Swedish Economy Powers On as Record Stimulus Nears End of Era

Sweden has consolidated its status as one of Europe’s success stories, with annual gross domestic product in the first quarter growing at three times the speed of France’s.

Scandinavia’s biggest economy expanded 0.5 percent from the fourth quarter and 4.2 percent from the previous year, according to estimates published Monday by Statistics Sweden.

Key Points:

  • GDP figures were slightly below analysts’ forecasts of 0.6 percent and 4.3 percent respectively
  • 4Q growth was revised significantly, from 1.3 percent to 1.6 percent q/q
  • On a quarterly basis: Fixed capital formation rose 2.1 percent; exports fell 1.3 percent; private spending rose 1.1 percent; public spending rose 0.5 percent
  • Full year GDP for 2015 was revised up, from 4.1 percent to 4.2 percent
  • The Swedish krona rose 0.1 percent to 9.2697 per euro as of 9:37 a.m. in Stockholm

Big Picture

Sweden’s economy has benefited from a long period of record stimulus from the central bank, which has been buying government bonds and cutting interest rates to record lows in a bid to boost inflation. The government has also raised spending to deal with an unprecedented number of asylum seekers entering the country. However, consumer confidence has been falling steadily since February, suggesting Sweden’s boom may be tapering.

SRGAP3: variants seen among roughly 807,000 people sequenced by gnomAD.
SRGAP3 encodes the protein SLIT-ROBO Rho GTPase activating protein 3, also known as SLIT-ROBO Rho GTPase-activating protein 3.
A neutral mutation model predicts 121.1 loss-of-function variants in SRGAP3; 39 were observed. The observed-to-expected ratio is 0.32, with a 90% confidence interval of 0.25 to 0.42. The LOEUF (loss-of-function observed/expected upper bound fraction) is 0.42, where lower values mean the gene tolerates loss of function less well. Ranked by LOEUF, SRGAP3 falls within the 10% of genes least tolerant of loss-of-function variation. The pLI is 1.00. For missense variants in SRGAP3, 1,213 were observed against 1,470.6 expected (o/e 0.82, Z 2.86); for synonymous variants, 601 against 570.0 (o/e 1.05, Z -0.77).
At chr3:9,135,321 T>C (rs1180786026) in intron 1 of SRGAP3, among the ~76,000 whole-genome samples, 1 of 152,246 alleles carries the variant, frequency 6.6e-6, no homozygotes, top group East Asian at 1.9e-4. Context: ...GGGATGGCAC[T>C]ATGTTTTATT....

Key Analyst Comments

"The overall picture is that the Swedish economy continued to expand at a healthy pace in the beginning of the year," said Torbjoern Isaksson of Nordea. "The outlook for Q2 is decent so far, while we expect growth to slow more markedly later this year."

"The strong growth continues, and it’s driven by the domestic economy, which should lead to upwards pressure on prices," said Anna Breman, an economist at Swedbank.

"The high growth that we’ve seen in the last couple of quarters was the peak, so I think we should count on significantly calmer development of the economy going forward," said Danske Bank’s Michael Grahn.


Although there are signs that Swedish GDP may have peaked, the first quarter data reinforces analysts’ view that the Riksbank is about to wind up monetary stimulus as inflation gradually heads towards the central bank’s 2 percent target. One potential spanner in the works is the performance of the krona: Appreciate too much, and a lot of the work done to lift inflation will be undone.

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